Like most of us I can remember quite vividly
when I bought my first Austin-Healey. It was April 1972 and the 100 sure
looked wonderful in the car sales yard. I had previously owned a series
of Minis so was no newcomer to English designed cars. Needless to say I
was looking forward to driving my new car under the Australian sun but
had no idea that it would spark off another interest that was lurking inside
of me. I
wasn’t the slightest bit interested in history while at school but before
long I had an insatiable interest in the history of my favourite marque
which grew into wanting to know more about the Donald Healey Motor Company
(DHMC), the English automotive industry then the Australian and now the
massive US industry. Snippets of information are fascinating, such as the
a coachbuilding company established in New York called Healey bodies before
World War One. I have also become interested in the First World War and
just recently in the naval battles of the American Civil War. Living in
the antipodes, it is not a subject heard of frequently. Woops! I am digressing
away from what I wanted to explore with this little missive, being the
connection between the Jensen brothers, Austin Motor Company, the DHMC
and Donald Mitchell Healey.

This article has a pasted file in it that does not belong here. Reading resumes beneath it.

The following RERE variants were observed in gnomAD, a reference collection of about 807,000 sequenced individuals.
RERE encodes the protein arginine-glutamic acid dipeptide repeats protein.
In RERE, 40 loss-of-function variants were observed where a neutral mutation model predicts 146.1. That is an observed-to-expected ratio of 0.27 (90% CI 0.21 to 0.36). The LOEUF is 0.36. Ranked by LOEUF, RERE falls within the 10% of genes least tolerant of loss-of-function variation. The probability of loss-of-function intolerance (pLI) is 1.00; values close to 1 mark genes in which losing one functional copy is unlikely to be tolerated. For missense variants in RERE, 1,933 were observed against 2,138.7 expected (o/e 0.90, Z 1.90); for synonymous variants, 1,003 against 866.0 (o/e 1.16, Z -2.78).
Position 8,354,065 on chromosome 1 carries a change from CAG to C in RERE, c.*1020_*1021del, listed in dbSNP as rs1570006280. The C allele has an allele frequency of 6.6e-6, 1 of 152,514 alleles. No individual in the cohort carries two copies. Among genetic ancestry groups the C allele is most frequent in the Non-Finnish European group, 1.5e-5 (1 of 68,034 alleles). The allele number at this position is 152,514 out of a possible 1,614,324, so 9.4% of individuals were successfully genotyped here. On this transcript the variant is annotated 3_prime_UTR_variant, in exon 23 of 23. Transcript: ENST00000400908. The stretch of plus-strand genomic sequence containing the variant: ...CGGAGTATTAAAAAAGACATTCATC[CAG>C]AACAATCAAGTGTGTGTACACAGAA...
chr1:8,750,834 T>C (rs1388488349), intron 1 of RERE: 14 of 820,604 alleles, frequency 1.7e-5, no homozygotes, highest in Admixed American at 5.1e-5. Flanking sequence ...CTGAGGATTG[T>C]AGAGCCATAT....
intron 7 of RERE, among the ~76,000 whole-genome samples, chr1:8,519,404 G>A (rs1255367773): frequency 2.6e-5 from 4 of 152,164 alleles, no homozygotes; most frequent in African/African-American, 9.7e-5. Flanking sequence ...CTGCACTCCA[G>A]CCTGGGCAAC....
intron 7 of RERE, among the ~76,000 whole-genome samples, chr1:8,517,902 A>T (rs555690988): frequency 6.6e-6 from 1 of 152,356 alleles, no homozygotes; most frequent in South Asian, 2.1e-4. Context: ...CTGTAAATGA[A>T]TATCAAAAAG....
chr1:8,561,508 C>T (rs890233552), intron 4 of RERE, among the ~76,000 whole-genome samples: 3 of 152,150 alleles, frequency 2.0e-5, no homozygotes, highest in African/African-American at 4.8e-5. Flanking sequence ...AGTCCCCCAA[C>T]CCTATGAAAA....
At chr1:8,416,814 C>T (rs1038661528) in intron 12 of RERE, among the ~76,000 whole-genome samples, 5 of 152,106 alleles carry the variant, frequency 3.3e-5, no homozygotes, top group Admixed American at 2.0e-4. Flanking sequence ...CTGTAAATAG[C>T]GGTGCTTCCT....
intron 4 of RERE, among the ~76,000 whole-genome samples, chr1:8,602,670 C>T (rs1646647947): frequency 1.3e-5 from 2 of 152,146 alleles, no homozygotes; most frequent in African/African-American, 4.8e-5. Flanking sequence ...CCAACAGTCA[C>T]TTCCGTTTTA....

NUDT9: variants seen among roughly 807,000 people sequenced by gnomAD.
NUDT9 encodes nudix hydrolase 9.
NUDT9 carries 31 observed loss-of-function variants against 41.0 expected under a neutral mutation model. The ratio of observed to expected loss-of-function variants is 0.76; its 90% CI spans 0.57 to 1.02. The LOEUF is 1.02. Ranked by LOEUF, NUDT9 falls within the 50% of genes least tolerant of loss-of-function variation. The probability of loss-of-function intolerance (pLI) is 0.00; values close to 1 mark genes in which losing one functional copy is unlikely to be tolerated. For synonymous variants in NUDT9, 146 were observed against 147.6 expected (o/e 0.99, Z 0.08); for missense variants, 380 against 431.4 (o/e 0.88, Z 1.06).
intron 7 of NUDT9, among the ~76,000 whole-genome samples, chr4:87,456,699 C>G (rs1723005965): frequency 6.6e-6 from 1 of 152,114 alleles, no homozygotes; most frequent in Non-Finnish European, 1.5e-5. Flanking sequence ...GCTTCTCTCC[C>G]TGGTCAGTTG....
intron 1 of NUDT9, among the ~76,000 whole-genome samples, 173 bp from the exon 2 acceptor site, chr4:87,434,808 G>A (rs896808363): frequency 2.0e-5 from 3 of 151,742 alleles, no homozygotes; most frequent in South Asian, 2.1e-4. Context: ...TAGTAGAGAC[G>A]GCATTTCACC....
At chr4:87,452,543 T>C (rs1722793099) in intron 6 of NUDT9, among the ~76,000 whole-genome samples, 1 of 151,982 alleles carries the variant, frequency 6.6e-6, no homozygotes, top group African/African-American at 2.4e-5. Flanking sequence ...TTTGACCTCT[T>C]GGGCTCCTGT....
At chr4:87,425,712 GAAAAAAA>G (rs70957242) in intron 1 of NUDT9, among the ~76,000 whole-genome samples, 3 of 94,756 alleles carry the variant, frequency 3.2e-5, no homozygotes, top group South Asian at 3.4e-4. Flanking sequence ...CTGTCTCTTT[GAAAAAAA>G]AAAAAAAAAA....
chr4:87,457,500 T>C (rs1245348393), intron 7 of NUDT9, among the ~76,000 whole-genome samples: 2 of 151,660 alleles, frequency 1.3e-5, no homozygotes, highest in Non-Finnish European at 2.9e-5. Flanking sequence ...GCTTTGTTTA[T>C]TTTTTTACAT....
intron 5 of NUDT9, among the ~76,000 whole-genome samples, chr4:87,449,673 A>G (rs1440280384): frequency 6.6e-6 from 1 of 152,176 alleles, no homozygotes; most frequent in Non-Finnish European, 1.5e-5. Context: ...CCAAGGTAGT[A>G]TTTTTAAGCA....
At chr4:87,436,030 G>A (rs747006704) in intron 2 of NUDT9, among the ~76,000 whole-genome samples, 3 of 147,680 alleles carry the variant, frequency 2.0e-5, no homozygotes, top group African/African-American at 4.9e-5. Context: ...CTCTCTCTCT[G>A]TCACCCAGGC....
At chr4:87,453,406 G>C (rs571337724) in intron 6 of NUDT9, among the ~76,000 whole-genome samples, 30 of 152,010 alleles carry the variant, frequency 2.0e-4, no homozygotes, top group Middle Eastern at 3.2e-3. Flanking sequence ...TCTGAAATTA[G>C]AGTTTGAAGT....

Not long into my ownership of my 100 I was fairly surprised to find out that the car, being half labelled an Austin wasn’t built by them at all, except for the assembly of Austin mechanical components right at the end of its construction. I found it interesting that the chassis were supplied by a company called John Thompson Motor Pressings and the bodies supplied, assembled and trimmed by the Jensen Motor Company. I was later to find out that while the connection with the DHMC may have started in 1952 the association with Austin went back a lot further.
Alan and Richard Jensen produced their first car in 1928 when they converted a five year old Austin 7 Chummy Saloon into a very stylish two seater with cycle guards, louvred bonnet and boat-tail. This was soon sold and replaced with another Austin 7. Then came a car produced on a Standard chassis followed by a series of specials based on the Wolseley Hornet, a popular sporting small car of the time. The early 1930s saw the brothers becoming joint managing directors of commercial coachbuilders W J Smith & Sons and within three years the name of the company was changed to Jensen Motors Limited. Soon bodywork conversions followed on readily available chassis from Morris, Singer, Standard and Wolseley.